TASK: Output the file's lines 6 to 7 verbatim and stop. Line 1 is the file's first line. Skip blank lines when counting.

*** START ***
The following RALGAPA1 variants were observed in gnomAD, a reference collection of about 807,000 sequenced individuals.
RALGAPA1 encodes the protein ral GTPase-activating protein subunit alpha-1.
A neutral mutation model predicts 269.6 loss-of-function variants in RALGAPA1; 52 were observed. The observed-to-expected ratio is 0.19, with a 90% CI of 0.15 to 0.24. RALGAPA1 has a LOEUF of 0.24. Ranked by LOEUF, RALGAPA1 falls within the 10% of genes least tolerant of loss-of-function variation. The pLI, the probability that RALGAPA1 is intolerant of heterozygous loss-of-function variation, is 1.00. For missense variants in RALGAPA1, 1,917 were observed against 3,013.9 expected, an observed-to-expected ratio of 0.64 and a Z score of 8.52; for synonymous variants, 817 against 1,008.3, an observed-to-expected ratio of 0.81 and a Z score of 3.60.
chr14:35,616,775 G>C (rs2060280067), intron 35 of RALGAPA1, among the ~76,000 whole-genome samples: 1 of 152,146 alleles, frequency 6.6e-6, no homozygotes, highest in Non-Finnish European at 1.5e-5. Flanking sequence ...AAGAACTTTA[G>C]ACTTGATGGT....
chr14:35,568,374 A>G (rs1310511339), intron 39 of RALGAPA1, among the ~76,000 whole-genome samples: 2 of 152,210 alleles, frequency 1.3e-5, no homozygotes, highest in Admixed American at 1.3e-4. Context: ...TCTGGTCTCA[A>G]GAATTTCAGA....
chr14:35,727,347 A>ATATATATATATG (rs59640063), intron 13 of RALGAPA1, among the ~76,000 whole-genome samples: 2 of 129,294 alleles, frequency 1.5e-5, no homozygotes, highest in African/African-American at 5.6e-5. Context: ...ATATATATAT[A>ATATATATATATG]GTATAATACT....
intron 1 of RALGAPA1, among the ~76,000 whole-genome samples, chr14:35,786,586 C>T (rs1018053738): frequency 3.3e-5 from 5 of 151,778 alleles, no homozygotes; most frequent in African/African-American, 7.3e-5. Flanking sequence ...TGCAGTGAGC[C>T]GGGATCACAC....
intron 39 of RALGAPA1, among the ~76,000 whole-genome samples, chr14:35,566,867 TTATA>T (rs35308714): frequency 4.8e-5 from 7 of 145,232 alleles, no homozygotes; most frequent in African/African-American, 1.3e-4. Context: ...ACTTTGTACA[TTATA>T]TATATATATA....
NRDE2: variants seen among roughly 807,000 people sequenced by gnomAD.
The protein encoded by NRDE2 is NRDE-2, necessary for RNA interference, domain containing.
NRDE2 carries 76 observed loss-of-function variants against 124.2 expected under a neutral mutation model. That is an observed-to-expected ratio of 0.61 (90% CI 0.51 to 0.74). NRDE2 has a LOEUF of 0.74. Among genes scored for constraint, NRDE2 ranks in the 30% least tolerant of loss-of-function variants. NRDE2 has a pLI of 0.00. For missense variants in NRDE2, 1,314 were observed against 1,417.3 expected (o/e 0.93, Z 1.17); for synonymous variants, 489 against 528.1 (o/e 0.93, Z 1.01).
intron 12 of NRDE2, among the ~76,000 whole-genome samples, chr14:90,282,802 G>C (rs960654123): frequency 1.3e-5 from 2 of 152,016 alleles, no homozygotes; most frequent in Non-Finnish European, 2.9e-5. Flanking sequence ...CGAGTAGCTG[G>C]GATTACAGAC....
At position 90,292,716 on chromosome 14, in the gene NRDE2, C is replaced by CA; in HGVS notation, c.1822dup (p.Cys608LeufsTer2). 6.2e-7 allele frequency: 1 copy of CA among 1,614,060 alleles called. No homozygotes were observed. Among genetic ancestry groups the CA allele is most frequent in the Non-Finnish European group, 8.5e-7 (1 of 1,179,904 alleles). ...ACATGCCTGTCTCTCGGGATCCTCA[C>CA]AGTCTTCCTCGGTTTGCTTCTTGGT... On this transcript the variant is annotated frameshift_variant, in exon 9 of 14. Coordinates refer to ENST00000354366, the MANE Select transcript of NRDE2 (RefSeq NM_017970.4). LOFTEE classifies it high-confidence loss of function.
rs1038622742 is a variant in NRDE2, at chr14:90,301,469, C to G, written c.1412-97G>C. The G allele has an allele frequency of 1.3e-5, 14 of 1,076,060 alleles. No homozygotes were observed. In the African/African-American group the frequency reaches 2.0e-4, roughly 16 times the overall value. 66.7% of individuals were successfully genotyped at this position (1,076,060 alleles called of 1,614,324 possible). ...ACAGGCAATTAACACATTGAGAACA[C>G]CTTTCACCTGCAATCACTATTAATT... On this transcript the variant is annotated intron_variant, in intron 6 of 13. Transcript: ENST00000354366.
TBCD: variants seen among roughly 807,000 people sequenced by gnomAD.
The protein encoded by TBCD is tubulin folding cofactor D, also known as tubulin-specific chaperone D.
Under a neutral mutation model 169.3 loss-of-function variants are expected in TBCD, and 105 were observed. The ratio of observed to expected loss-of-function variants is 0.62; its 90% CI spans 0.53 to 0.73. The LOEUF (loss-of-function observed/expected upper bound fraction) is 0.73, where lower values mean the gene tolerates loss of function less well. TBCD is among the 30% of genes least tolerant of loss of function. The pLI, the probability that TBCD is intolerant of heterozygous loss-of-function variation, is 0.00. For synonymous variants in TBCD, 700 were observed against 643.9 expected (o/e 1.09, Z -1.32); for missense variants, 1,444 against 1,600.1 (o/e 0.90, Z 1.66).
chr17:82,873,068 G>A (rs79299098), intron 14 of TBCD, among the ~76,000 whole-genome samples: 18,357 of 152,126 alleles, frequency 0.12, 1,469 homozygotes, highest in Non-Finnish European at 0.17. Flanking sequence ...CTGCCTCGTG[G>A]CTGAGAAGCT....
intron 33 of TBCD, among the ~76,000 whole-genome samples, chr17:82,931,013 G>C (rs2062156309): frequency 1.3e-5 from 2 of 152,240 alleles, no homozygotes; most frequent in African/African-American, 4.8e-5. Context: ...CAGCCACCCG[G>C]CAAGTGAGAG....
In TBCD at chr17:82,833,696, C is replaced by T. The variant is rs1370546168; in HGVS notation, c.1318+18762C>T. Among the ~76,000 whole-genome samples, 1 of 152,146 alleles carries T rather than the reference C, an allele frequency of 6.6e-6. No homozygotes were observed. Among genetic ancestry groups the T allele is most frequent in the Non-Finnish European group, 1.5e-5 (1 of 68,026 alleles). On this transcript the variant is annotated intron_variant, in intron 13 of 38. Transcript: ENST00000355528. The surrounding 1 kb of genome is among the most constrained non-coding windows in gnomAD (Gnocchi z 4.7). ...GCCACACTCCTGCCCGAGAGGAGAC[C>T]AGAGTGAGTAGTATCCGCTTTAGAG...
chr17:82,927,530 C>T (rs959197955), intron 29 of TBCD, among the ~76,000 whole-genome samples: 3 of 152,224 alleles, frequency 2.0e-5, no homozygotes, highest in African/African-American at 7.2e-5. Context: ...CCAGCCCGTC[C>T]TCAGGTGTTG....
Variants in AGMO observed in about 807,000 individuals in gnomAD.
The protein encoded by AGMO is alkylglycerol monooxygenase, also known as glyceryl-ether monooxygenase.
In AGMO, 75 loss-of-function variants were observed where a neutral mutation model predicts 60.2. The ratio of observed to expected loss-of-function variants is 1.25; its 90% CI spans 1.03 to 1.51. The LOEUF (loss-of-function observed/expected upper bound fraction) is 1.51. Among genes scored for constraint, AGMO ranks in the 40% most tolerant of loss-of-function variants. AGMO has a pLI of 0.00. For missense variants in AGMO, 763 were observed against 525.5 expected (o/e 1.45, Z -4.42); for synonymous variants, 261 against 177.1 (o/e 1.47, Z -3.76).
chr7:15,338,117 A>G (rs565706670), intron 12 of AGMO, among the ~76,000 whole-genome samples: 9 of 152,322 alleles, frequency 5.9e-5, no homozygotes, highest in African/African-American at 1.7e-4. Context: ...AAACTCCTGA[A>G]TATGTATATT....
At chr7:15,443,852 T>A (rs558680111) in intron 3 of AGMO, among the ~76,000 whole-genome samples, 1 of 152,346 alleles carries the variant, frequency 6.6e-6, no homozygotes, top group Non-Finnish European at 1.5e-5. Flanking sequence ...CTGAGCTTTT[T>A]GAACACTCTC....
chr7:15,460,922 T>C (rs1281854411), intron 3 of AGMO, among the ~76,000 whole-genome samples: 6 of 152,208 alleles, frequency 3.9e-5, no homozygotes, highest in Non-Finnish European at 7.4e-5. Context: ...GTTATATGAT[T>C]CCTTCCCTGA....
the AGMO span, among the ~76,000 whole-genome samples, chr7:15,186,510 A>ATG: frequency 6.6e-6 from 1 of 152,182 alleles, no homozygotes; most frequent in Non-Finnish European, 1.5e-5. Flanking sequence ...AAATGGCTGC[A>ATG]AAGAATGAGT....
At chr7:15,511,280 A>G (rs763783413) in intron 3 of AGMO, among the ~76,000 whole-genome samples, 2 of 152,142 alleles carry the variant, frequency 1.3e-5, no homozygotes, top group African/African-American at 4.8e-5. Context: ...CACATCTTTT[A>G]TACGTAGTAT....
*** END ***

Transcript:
chr14:35,727,347 A>ATATATATATATG (rs59640063), intron 13 of RALGAPA1, among the ~76,000 whole-genome samples: 2 of 129,294 alleles, frequency 1.5e-5, no homozygotes, highest in African/African-American at 5.6e-5. Context: ...ATATATATAT[A>ATATATATATATG]GTATAATACT....
intron 1 of RALGAPA1, among the ~76,000 whole-genome samples, chr14:35,786,586 C>T (rs1018053738): frequency 3.3e-5 from 5 of 151,778 alleles, no homozygotes; most frequent in African/African-American, 7.3e-5. Flanking sequence ...TGCAGTGAGC[C>T]GGGATCACAC....